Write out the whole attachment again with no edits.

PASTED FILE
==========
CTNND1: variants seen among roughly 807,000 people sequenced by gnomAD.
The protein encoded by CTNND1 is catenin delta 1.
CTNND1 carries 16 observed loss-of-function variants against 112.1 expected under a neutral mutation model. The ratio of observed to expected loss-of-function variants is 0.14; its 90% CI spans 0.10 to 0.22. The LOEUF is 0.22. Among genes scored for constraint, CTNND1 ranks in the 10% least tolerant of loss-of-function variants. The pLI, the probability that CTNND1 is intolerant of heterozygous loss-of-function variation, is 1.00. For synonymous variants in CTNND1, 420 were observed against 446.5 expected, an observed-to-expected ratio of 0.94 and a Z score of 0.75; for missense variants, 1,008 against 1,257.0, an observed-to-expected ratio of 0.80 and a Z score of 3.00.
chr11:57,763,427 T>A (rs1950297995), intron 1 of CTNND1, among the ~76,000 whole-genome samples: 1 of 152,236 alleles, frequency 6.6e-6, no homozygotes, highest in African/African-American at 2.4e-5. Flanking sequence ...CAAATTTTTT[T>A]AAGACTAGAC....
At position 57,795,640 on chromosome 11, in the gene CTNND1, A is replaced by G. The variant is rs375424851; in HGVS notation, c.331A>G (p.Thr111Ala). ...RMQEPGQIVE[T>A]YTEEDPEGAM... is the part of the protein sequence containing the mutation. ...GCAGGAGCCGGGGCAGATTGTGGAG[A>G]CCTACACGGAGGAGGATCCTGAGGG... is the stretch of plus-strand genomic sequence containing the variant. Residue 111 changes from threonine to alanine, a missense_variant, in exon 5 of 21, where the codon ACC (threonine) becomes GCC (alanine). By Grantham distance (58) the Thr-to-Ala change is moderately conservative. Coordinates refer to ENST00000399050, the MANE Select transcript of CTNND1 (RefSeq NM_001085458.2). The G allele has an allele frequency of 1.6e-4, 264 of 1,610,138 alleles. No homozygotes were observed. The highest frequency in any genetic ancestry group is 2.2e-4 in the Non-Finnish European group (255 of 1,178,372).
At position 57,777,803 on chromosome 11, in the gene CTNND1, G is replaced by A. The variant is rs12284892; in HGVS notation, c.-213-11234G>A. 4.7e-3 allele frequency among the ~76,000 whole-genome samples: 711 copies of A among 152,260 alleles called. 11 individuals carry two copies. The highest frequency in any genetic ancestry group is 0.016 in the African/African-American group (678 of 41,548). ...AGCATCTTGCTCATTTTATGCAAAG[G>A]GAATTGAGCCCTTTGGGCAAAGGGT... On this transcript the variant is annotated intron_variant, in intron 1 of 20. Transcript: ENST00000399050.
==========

CTNND1: variants seen among roughly 807,000 people sequenced by gnomAD.
The protein encoded by CTNND1 is catenin delta 1.
CTNND1 carries 16 observed loss-of-function variants against 112.1 expected under a neutral mutation model. The ratio of observed to expected loss-of-function variants is 0.14; its 90% CI spans 0.10 to 0.22. The LOEUF is 0.22. Among genes scored for constraint, CTNND1 ranks in the 10% least tolerant of loss-of-function variants. The pLI, the probability that CTNND1 is intolerant of heterozygous loss-of-function variation, is 1.00. For synonymous variants in CTNND1, 420 were observed against 446.5 expected, an observed-to-expected ratio of 0.94 and a Z score of 0.75; for missense variants, 1,008 against 1,257.0, an observed-to-expected ratio of 0.80 and a Z score of 3.00.
chr11:57,763,427 T>A (rs1950297995), intron 1 of CTNND1, among the ~76,000 whole-genome samples: 1 of 152,236 alleles, frequency 6.6e-6, no homozygotes, highest in African/African-American at 2.4e-5. Flanking sequence ...CAAATTTTTT[T>A]AAGACTAGAC....
At position 57,795,640 on chromosome 11, in the gene CTNND1, A is replaced by G. The variant is rs375424851; in HGVS notation, c.331A>G (p.Thr111Ala). ...RMQEPGQIVE[T>A]YTEEDPEGAM... is the part of the protein sequence containing the mutation. ...GCAGGAGCCGGGGCAGATTGTGGAG[A>G]CCTACACGGAGGAGGATCCTGAGGG... is the stretch of plus-strand genomic sequence containing the variant. Residue 111 changes from threonine to alanine, a missense_variant, in exon 5 of 21, where the codon ACC (threonine) becomes GCC (alanine). By Grantham distance (58) the Thr-to-Ala change is moderately conservative. Coordinates refer to ENST00000399050, the MANE Select transcript of CTNND1 (RefSeq NM_001085458.2). The G allele has an allele frequency of 1.6e-4, 264 of 1,610,138 alleles. No homozygotes were observed. The highest frequency in any genetic ancestry group is 2.2e-4 in the Non-Finnish European group (255 of 1,178,372).
At position 57,777,803 on chromosome 11, in the gene CTNND1, G is replaced by A. The variant is rs12284892; in HGVS notation, c.-213-11234G>A. 4.7e-3 allele frequency among the ~76,000 whole-genome samples: 711 copies of A among 152,260 alleles called. 11 individuals carry two copies. The highest frequency in any genetic ancestry group is 0.016 in the African/African-American group (678 of 41,548). ...AGCATCTTGCTCATTTTATGCAAAG[G>A]GAATTGAGCCCTTTGGGCAAAGGGT... On this transcript the variant is annotated intron_variant, in intron 1 of 20. Transcript: ENST00000399050.